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Automated Website Maintenance
It's all about separating style from content. Crucial, that is. If you do that, then you can change the look of the whole site by changing one file, and you can edit your content with a minimum of presentation-related crud obscuring the view. You can also do arguably useful stuff like skinnable websites.
Of course, it's obvious from that blue border that style's not my thing, and there's not much content here either. I could say meta at this point, but honestly I feel less like a computer scientist every day and I can't be bothered.
If you want to know more about how I've done this, and you have a matrix account,
you can always poke around in
<a href="http://matrix.netsoc.tcd.ie" onMouseOver="window.status='Matrix, Netsoc\'s members\' server'; return true;" onMouseOut="window.status=''; return true;"> Matrix</a>
So instead, I use an m4 macro. When I edit my webpages,
I insert a link with
Here's another example: sometimes, a footnote seems like a worthwhile
thing to include, perhaps explaining what a bananafish is¹
hd_note([],[[What's a bananafish?]], [[Why, I've known some bananafish to swim into a banana hole and eat as many as seventy-eight bananas. hd_link([[http://www.geocities.com/Vienna/3597/A_Perfect_Day_For_Bananafish.html]], [[More about bananafish]],[[Is this abridged?]])]])
Such definition bits would make a great tool for educational websites; you could develop
a stylesheet that had an unobtrusive link class, and automatically add mouseover definitions for every
word in a glossary, so when someone is reading something and they've forgotten what MCMC
When doing a didactic bit like this, you don't want to have to go escaping your html every time you want to quote a macro; that's donkey work. So I have a macro to escape HTML as well. Other useful ones define a variable containing the contents of a file, and one to include an M4 file with out too much mangling (in fairness, m4 is not really meant for processing m4 files and confusion can easily result if you try to use it for same).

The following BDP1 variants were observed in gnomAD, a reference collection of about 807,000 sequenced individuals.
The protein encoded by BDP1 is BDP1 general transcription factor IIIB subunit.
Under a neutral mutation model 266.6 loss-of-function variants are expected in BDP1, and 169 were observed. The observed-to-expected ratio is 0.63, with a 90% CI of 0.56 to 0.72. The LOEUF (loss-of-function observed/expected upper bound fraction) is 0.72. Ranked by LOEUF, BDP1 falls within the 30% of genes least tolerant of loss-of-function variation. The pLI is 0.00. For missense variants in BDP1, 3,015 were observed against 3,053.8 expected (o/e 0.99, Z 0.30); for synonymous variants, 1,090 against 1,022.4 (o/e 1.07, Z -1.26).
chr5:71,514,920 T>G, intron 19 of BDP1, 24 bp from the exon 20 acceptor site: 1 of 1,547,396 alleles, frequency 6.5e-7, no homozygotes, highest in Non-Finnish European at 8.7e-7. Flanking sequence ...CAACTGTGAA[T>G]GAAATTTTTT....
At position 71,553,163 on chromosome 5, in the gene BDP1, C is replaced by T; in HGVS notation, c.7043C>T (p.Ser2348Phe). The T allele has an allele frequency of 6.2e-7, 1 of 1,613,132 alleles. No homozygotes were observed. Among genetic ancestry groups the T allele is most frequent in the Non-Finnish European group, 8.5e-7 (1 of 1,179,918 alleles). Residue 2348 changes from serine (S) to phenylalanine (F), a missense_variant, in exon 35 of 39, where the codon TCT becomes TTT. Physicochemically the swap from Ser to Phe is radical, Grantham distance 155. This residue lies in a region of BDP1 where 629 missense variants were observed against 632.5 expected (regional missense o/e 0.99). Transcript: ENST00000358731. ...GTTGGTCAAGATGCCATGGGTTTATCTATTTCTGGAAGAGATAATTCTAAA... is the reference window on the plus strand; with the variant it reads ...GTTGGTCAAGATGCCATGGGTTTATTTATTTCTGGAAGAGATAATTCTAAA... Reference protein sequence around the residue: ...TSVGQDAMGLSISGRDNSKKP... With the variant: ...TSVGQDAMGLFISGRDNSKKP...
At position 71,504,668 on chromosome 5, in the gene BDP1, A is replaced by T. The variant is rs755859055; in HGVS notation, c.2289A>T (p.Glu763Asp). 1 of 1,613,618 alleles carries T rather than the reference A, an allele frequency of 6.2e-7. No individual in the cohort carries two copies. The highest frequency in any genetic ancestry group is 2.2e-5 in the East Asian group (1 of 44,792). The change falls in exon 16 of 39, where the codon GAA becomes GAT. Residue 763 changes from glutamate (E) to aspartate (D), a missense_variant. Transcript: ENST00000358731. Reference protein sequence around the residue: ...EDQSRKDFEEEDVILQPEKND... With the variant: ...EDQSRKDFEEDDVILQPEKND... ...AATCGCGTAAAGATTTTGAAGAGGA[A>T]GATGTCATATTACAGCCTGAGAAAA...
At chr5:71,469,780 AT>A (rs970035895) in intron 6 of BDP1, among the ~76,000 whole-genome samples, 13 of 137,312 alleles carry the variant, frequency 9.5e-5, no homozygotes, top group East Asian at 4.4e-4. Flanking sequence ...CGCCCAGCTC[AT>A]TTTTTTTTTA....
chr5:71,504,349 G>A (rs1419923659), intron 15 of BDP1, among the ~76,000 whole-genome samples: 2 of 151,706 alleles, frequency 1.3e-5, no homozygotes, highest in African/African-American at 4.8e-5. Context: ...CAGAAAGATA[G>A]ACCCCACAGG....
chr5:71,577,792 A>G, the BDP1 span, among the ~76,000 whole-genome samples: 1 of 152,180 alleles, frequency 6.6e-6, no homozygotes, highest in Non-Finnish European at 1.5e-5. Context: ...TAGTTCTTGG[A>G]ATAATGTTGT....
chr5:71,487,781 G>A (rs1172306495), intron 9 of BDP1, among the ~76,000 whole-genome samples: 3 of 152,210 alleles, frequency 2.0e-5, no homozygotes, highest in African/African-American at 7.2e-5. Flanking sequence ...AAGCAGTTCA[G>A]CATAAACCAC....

Here's an up-to-date view of the m4 file, globals.inc, that defines all those macros (included automatically using the hd_includeM4 macro). It may be worth bearing in mind that m4 is harder to read than it is to write.
The bottom of every page on this site has a comments area, powered by php. The php code that generates the message board is the same for every page. Similarly, the html that generates that blue border is the same for every page. So all the pages are generated from the same template. The template when the website was last made looked like this:
The template's pretty straightforward. First the file
The time is perhaps ripe for a big picture overview. Here's how the whole thing works: I write
a webpage with a
pages := $(patsubst %.webm4,%.php,$(wildcard *.webm4)) incs := template $(wildcard *.inc) website : $(pages) cp *.php *.css /home/hdenman/public_html/ %.php : %.webm4 $(incs) m4 -Dhd_content=$< -Dhd_title="$(shell head -1 $< | perl -ne 'm/\s*\<\s*[hH].+?\>(.+?)\</; print "$$1\n";')" < template > $@
Here's how it works. First, the line
File that end in .inc are files designed to be included in other files (another extension chosen arbitrarily).
The next bit is a makefile rule, that tells the make program how to make the thing called 'website'.
The final part of the makefile is another rule. It says that any file ending in .php depends on a file with
the same name with a .webm4 extension, and on all the include files. For example,
The whole point of make programs is to automatically detect when a prerequisite has been changed and to generate
any dependent targets. So when I run
Dynamic processing is what languages like php and asp do. The difference between dynamic and static processing is that while in static processing, the macro expansions etc. are done once, in dynamic processing the server runs through expansions etc. every time a page is requested. So while you can do all the stuff described above using php or asp, and many people, especially non-unix people, do, I think it's a waste of processing power to do it for every request.
What php and the like are really good for is pulling stuff out of a database and putting it on a webpage. They can also take stuff from a form on a webpage and put it into a database. By these powers combined, you can do bulletin boards, blogs, content-management systems, webwide collaboration, and all sorts of good interactive stuff.
If you like security, you might find this more interesting than poring over bugtraq archives.